Elena Long does physics with what looks like a freeze ray.

New report shows need to improve working conditions for LGBT physicists

In a new report about the climate for LGBT people in physics released yesterday, over one third of respondents said they considered leaving their school or workplace in the past year, a number that correlated with experiences of harassment and discrimination. The report, produced by the American Physical Society’s Ad Hoc Committee on LGBT Issues, also found that LGBT women and people of color faced heightened levels of discrimination, with trans and gender non-conforming people reporting the harshest environments.

There’s a lot of talk about needing to increase the representation of marginalized groups in STEM fields; this report shows that part of the problem is a work environment hostile to active inclusion. In addition to the usual issues of employment discrimination and lack of workplace protections faced by too many LGBT people, respondents reported a climate in which closeted behaviors were expected.

Inclusive workplaces are also important for the field overall, says Dr. Elena Long, Postdoctoral Research Associate, University of New Hampshire, founder of lgbt+physicists, and a member of the Ad Hoc Committee on LGBT issues. “The ultimate goal of physics is to understand how the universe works,” Dr. Long explains. “We can only face these challenges with the creativity and innovation that comes from a diverse community. Whenever our physics culture pushes a group of people away from the field, as we’ve found happens to LGB and especially trans physicists, we’re losing the expertise we need to understand our world.”

The report includes a number of recommendations for improving the field:

  • Ensure a safe and welcoming environment at APS meetings.
  • Address the need to systematically accommodate name changes in publication records.
  • Develop advocacy efforts that support LGBT equity and inclusion.
  • Promote LGBT-inclusive practices in academia, national labs, and industry.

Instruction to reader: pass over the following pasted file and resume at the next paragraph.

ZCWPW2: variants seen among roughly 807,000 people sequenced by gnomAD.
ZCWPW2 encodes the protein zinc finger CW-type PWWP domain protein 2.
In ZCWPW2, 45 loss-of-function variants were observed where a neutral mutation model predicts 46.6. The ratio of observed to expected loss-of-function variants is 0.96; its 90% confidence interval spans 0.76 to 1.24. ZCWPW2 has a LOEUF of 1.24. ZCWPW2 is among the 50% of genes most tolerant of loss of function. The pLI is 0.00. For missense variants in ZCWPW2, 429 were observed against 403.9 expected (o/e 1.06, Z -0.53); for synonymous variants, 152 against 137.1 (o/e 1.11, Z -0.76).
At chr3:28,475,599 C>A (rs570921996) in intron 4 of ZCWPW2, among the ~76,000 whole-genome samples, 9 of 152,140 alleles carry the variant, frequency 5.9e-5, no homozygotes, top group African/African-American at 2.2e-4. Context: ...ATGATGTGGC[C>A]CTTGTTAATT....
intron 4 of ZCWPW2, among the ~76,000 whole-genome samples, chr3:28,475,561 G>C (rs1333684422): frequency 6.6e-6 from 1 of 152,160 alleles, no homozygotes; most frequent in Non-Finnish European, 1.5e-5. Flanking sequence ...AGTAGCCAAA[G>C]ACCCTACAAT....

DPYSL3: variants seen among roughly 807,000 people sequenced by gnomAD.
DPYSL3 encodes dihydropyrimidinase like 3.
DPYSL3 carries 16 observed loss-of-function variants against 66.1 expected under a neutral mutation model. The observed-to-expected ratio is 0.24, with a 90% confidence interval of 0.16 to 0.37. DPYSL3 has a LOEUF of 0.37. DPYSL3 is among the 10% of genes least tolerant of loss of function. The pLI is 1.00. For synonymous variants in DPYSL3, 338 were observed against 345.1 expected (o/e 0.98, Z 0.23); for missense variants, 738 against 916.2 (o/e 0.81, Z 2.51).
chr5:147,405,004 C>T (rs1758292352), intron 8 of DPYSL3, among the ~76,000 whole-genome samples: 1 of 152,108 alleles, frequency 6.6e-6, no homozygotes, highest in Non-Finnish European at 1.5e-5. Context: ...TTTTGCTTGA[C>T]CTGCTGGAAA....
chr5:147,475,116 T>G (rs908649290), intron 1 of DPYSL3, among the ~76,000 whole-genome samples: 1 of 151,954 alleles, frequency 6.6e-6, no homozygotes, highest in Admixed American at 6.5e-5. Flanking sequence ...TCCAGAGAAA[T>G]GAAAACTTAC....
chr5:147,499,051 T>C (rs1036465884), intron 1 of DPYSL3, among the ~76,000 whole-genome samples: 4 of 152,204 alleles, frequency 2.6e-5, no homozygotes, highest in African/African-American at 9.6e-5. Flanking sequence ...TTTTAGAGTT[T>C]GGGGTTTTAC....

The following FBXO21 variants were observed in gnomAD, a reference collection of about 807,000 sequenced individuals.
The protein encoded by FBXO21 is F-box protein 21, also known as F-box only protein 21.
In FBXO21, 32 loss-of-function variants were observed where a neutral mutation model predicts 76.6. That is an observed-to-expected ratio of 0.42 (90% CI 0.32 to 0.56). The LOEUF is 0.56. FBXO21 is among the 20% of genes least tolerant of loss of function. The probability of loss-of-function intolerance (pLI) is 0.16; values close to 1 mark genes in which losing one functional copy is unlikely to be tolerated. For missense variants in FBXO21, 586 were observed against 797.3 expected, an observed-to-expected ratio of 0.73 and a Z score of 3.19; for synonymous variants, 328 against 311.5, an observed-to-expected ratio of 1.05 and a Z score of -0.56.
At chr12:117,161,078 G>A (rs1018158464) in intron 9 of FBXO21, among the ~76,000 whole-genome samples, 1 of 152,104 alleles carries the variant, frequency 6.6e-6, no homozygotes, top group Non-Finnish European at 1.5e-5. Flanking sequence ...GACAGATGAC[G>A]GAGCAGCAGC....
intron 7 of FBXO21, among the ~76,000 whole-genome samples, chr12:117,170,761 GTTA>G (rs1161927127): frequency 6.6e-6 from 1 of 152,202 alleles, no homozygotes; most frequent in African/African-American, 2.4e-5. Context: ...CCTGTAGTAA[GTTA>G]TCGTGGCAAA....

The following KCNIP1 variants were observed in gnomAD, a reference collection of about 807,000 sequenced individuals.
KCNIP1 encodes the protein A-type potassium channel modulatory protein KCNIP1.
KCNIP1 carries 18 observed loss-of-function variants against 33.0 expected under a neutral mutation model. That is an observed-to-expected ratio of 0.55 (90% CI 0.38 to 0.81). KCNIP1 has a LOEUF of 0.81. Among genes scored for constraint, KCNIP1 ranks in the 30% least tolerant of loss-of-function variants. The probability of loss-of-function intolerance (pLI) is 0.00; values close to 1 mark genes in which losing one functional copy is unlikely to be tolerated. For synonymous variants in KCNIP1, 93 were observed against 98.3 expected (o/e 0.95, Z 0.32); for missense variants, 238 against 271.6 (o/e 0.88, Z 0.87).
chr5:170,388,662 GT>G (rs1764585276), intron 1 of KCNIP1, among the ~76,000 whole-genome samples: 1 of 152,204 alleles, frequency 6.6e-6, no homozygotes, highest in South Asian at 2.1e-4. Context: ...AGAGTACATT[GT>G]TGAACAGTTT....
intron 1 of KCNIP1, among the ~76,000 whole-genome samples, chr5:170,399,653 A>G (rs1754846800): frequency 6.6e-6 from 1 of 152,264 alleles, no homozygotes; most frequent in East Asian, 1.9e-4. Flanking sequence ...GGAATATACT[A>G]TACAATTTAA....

• Implement LGBT-inclusive mentoring programs.
  • Support the establishment of a Forum on Diversity and Inclusion.

The full report can be found here, along with a number of resources around LGBT inclusion in physics.


Header image credit: Karl Slifer, from the report


Boston, MA

Jos Truitt is Executive Director of Development at Feministing. She joined the team in July 2009, became an Editor in August 2011, and Executive Director in September 2013. She writes about a range of topics including transgender issues, abortion access, and media representation. Jos first got involved with organizing when she led a walk out against the Iraq war at her high school, the Boston Arts Academy. She was introduced to the reproductive justice movement while at Hampshire College, where she organized the Civil Liberties and Public Policy Program’s annual reproductive justice conference. She has worked on the National Abortion Federation’s hotline, was a Field Organizer at Choice USA, and has volunteered as a Pro-Choice Clinic Escort. Jos has written for publications including The Guardian, Bilerico, RH Reality Check, Metro Weekly, and the Columbia Journalism Review. She has spoken and trained at numerous national conferences and college campuses about trans issues, reproductive justice, blogging, feminism, and grassroots organizing. Jos completed her MFA in Printmaking at the San Francisco Art Institute in Spring 2013. In her "spare time" she likes to bake and work on projects about mermaids.

Jos Truitt is an Executive Director of Feministing in charge of Development.

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